Big data is often seen as a cold, numbers driven business process, where people are reduced to digits on a screen and achievements are simply KPIs being hit. However, this is not the case in many HR departments and companies across the world, where big data and analytics have been fully embraced.
It is not just the kind of people who were pushing fads like sitting on an exercise ball or using standing desks either - HR analytics has become a world beater. Oliver Hart and Bengt Holmström from MIT even won the Nobel Prize In Economics in October 2016 for their work in the field, with the jury saying ‘The new theoretical tools created by Hart and Holmstrom are valuable to the understanding of real-life contracts and institutions, as well as potential pitfalls in contract design.’ It has hit the mainstream and even won the world’s most prestigious award, but what exactly can it do?
The first, and arguably most important element of the HR process is hiring the right people for your team, which is something in which data can have a key role. One company that is revolutionizing how companies are doing this is Chemistry Group, having recently partnered with SAP to create an HR analytics innovation lab.
Initially, the labs will be used to find key identifiers for the best candidates through mining data beyond what many traditional services currently do. A major part of this is through looking beyond simple psychometric tests done by millions of companies already. Instead, the idea is to mine across a candidate’s entire digital footprint, not to necessarily find embarrassing photos from high school, but to identify the real personality traits of an applicant. Gareth Jones, chief innovation officer at The Chemistry Group explains it as ’An individual’s ‘digital footprint’ provides a far richer and more objective picture of that person than current assessment approaches could ever hope to do and, if modeled in the right way, a far more accurate way of assessing their potential.’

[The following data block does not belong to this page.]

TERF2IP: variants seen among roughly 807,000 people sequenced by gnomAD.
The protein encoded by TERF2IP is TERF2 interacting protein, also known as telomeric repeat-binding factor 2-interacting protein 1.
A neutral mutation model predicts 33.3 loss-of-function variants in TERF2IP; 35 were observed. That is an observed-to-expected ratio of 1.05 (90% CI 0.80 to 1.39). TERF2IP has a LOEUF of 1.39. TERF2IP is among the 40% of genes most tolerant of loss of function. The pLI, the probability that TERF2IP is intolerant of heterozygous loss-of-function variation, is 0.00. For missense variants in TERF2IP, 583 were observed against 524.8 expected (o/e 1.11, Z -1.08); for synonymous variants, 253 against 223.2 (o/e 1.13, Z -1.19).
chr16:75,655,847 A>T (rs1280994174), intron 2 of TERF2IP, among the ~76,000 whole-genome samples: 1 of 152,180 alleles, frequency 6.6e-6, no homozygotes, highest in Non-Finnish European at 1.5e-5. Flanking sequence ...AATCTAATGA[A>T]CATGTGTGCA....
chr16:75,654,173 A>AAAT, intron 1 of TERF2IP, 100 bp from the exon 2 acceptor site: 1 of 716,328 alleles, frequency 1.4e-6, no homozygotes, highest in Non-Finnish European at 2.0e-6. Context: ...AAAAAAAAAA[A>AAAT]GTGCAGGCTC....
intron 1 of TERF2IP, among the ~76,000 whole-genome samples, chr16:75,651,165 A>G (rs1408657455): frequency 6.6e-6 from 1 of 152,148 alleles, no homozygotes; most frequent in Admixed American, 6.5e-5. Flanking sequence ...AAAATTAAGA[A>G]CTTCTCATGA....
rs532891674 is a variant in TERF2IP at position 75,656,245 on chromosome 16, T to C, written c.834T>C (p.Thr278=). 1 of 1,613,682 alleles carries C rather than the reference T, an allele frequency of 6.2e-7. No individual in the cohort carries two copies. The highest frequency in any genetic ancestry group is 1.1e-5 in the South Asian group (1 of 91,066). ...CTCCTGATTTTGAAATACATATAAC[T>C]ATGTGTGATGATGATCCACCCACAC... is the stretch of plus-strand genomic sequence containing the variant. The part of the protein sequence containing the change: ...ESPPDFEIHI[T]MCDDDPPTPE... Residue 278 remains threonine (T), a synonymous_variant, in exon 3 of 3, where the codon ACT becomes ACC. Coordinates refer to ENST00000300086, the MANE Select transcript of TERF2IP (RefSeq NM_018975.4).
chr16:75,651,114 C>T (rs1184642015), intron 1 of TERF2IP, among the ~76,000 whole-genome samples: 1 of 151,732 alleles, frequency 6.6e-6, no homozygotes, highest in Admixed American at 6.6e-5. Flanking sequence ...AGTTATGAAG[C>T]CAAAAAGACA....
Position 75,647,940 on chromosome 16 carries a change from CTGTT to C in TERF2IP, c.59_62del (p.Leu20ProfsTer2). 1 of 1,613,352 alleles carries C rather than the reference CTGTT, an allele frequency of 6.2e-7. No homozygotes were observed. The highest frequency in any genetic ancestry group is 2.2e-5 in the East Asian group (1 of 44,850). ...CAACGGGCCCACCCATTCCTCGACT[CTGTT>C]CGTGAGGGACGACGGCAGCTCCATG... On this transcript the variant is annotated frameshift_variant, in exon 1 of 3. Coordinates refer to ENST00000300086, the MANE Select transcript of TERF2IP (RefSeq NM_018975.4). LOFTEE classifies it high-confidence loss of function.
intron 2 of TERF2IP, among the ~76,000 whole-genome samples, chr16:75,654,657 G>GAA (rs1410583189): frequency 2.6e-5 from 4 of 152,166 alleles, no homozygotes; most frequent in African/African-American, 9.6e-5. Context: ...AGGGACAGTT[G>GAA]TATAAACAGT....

It means that through data mining and algorithms, companies will not only have the opportunity to look beyond qualifications and pressurised interviews at who will be the best fit for their team, but also gives a certain validation for the candidate too.
A key anxiety for new hires is that they may have gotten the job through luck, perhaps some slight exaggeration on a CV or simply being strong during the interview process.